Project on Military and Diplomatic History

The Project on Military and Diplomatic History was established to connect historians to the national security policy community in Washington, DC

In a world of increasing instability and uncertainty, history has a wealth of insights to offer on current policy issues, from emerging threats and opportunities to traditional challenges. To promote the application of history to contemporary problems, the center strives to bring military and diplomatic historians together with the men and women who develop and implement U.S. national security policy.


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Good policy is seldom beholden solely to the past, but it is even more seldom heedless of the past. Although policymakers routinely look to history for inspiration, leaders and staffs rarely have much time to acquire new historical knowledge of relevance to the policies they are making or implementing. Constraints on time and knowledge can encourage leaders to draw historical analogies between situations or policies without sufficiently scrutinizing the comparisons. Historians are uniquely qualified to assess analogies, and to identify alternative analogies that could be more useful.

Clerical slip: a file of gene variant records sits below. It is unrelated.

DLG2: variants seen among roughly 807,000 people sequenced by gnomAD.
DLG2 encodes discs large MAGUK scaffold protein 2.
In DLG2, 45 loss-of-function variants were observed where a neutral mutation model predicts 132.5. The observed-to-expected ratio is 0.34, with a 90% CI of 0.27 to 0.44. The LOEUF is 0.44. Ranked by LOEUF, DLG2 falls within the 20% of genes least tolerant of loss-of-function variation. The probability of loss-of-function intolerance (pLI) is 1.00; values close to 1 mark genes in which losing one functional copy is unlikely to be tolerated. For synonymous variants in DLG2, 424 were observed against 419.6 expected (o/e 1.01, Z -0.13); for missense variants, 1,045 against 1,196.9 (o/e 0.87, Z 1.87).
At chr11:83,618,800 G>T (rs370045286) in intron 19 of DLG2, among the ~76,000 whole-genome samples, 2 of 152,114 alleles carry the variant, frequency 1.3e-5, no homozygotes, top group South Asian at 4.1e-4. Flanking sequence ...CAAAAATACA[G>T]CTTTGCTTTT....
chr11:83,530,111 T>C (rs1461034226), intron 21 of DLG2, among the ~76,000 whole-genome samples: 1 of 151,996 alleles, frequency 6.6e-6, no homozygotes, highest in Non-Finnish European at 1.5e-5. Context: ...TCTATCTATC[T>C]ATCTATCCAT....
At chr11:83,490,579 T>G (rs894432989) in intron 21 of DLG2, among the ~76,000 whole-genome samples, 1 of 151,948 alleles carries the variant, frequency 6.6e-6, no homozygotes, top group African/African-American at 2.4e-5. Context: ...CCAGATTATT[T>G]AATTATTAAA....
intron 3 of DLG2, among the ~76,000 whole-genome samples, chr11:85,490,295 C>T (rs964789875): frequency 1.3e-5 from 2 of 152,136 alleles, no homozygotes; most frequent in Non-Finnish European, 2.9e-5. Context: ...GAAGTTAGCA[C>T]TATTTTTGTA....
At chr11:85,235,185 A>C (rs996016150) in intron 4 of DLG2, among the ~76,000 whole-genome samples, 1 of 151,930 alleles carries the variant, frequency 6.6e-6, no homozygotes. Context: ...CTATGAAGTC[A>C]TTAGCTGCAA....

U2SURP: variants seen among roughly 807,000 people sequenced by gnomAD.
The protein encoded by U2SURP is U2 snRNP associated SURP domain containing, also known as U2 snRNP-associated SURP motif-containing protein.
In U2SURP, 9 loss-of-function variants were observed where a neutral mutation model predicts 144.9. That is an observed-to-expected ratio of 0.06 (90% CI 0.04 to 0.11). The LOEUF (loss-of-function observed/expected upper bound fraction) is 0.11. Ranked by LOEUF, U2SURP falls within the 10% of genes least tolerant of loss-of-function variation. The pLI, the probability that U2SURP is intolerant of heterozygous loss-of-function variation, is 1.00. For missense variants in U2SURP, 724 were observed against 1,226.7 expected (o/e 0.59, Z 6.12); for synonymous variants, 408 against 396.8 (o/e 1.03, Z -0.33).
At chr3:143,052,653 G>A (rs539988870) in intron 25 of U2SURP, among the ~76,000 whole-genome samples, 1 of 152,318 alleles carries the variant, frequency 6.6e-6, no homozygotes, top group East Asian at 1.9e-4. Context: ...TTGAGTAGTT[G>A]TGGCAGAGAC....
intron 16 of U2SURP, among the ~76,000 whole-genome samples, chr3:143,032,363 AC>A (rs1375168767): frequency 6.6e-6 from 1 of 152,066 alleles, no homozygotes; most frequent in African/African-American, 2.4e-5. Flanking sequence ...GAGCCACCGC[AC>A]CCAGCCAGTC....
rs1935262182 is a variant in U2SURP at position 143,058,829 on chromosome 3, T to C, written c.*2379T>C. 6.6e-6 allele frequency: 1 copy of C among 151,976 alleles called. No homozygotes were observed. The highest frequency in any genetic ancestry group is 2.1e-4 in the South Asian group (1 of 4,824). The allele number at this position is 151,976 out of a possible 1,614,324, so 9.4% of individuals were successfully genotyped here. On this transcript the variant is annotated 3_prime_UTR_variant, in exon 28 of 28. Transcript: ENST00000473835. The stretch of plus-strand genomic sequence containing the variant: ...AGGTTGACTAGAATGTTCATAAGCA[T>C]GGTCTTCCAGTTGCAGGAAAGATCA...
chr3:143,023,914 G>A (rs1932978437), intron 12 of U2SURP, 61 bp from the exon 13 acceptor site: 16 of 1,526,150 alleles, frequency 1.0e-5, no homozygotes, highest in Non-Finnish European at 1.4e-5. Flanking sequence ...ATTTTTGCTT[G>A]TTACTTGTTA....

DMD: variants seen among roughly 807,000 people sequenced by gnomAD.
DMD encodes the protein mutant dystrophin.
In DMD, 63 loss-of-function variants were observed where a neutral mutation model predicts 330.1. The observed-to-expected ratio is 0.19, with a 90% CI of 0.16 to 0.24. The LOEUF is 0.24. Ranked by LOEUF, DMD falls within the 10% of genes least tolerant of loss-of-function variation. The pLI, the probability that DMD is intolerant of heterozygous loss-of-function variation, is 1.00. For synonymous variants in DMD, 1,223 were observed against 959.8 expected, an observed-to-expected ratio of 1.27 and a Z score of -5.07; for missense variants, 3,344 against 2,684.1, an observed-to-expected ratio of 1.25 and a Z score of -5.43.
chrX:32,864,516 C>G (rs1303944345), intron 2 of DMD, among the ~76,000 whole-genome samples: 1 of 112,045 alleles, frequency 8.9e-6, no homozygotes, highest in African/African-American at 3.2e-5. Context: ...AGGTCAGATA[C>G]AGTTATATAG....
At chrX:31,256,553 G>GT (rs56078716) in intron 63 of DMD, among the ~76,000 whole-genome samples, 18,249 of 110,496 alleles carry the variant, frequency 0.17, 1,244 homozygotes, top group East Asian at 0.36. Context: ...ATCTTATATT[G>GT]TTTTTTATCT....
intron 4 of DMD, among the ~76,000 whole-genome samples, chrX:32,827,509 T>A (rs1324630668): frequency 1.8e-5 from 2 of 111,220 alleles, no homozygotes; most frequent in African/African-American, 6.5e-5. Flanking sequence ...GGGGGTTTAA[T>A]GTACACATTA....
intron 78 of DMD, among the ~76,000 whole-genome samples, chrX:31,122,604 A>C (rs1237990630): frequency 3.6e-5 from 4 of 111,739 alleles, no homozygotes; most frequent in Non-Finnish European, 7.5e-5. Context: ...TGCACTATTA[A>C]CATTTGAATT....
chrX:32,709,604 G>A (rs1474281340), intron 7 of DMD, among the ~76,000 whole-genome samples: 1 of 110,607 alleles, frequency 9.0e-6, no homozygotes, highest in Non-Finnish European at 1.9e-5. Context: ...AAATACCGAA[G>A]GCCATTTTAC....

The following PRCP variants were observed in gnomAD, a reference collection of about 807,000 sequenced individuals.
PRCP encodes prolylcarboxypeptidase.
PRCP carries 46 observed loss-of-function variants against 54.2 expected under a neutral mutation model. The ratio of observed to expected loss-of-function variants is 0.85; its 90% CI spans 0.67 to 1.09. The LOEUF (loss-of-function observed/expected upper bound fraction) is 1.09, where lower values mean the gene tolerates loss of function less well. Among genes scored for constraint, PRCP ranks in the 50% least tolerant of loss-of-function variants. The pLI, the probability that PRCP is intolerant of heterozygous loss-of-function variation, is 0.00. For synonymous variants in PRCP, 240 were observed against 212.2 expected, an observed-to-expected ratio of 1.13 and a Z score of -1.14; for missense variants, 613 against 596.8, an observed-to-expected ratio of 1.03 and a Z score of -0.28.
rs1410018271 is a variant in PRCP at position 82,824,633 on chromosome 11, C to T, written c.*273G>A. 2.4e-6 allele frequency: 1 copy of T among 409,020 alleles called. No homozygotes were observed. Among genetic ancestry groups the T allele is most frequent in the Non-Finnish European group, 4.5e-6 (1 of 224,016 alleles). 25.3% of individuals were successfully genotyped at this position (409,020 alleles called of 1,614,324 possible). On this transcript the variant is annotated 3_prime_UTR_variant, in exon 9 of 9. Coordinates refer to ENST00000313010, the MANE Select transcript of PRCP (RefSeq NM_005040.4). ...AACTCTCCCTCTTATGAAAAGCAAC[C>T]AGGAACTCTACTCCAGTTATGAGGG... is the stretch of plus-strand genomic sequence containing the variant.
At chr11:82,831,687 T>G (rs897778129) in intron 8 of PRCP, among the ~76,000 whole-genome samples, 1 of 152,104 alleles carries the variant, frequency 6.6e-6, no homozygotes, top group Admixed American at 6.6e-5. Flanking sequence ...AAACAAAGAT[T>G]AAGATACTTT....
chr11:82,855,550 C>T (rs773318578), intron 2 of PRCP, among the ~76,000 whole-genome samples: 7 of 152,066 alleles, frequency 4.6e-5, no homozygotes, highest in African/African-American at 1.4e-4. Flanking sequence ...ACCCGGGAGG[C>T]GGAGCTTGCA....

In order to promote applied history as both a source of policy insight and a field of scholarly inquiry, the center’s activities include:

  • A book series that introduces military and diplomatic historians to policy makers and opinion leaders in Washington
  • Small group discussions that provide senior leaders in both the executive and legislative branches with insights on the application of history to present-day challenges
  • Public events showcasing applied military and diplomatic history, held at locations easily accessible to policy professionals
  • Annual essay competitions that offer opportunities for up-and-coming historians to engage the policy community in Washington, DC
  • Individual briefings for senior executive branch officials, congressional leaders, and candidates for elected offices